Thalipeeth


A typical maharashtrian dish made with multi grain flours, usually served as breakfast or snack with butter, yogurt or some dry garlic chutney.  Although quite filling, it is light on the stomach and satisfying.

Thalipeeth can also be made with readymade ‘Bhajani flour’ available in most stores in India, specifically Maharashtra, as it a typical Maharashtrian dish.  In Maharashtrain household Bhajani is made at home by roasting various millets, lentils and grains, grinding to a flour and storing it.  Such flour comes handy when a quick meal is to be prepared.  Bhajani Thalipeeth is popular in West India and Maharashtra in particular which would include Mumbai, the place I grew up!  An important characteristic of making Thalipeeth is a hole is made in the centre so that ghee or oil can be drizzled into it for even frying.  Thalipeeth is a very good to carry for travel as it keeps very well for prolonged periods without refrigeration!

Ingredients

  • 1 cup besan (Gram/chickpea flour)
  • 1 cup jowar flour (Sorghum flour)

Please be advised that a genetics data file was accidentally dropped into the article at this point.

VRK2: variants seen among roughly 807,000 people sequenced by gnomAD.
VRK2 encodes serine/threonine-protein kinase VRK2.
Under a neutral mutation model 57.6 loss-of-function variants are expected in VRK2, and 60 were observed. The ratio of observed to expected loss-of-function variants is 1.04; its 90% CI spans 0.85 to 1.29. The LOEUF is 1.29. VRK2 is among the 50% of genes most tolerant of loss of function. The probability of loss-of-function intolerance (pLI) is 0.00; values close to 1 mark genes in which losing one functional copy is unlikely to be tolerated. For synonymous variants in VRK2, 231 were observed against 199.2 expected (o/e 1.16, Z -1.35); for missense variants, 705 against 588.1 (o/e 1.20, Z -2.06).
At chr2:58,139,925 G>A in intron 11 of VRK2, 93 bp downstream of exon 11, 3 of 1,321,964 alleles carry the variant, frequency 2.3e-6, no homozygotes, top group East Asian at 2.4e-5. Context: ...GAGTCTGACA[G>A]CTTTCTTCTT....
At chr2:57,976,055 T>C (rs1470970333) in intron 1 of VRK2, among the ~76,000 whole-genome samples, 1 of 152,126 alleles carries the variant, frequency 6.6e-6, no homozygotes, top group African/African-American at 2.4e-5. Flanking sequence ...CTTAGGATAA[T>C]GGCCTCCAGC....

• 1 cup rice flour
  • ½ cup bajra flour (Pearl millet flour)
  • ½ cup wheat flour
  • 1 tbsp. each, chilli, coriander, cumin & garam masala powder
  • 1 tsp. turmeric
  • 2 tbsp. grated Jaggery
  • ½ cup chopped onion
  • ¼ cup chopped coriander leaves
  • 2 tbsp. garlic, finely chopped (optional)
  • Salt to taste
  • Ghee for applying

Mix all above ingredients and knead with enough water into a soft dough.  Cover and let the dough rest for 10 minutes.  Knead lightly again and form the dough into small balls.  Place one ball in between  2 sheets of greased plastic or a wet muslin cloth and roll out the thalipeeth as thin as possible.  Meanwhile, heat the tawa.  Lift one side of the cloth and place the thalipeeth directly onto the hot tawa.  Carefully remove the cloth.  Make a hole in the center of the Thalipeeth.  Can use plastic sheet instead of cloth (make sure the plastic does not touch the tawa to avoid burning).  Cook well on both sides and smear with ghee.  Serve hot with dry garlic chutney or yogurt or raita or fresh coconut and chilli.

Turnips with Greens Bhaji


Knol Khol, Kholrabi, Kholrabi greens, Navalkhol, Gunth Gobi, Ganth Gobi, Shalgam as Turnips are called is a great winter vegetable and a dietary staple in Kashmir.  The mature bulbs can become tough and woody, so look for tender bulbs with tender leaves.  Tender turnips can be grated or shredded and added raw into a salad.  Taste has a touch of raddish and can be included into several cuisines.

Ingredients

  • 2 Turnips with greens
  • ½ tsp. cumin seed
  • ¼ tsp. turmeric powder
  • 1 tsp. chilli powder
  •  1 tsp. coriander seeds powder
  • 1 tsp. Dry Mango powder (Amchur)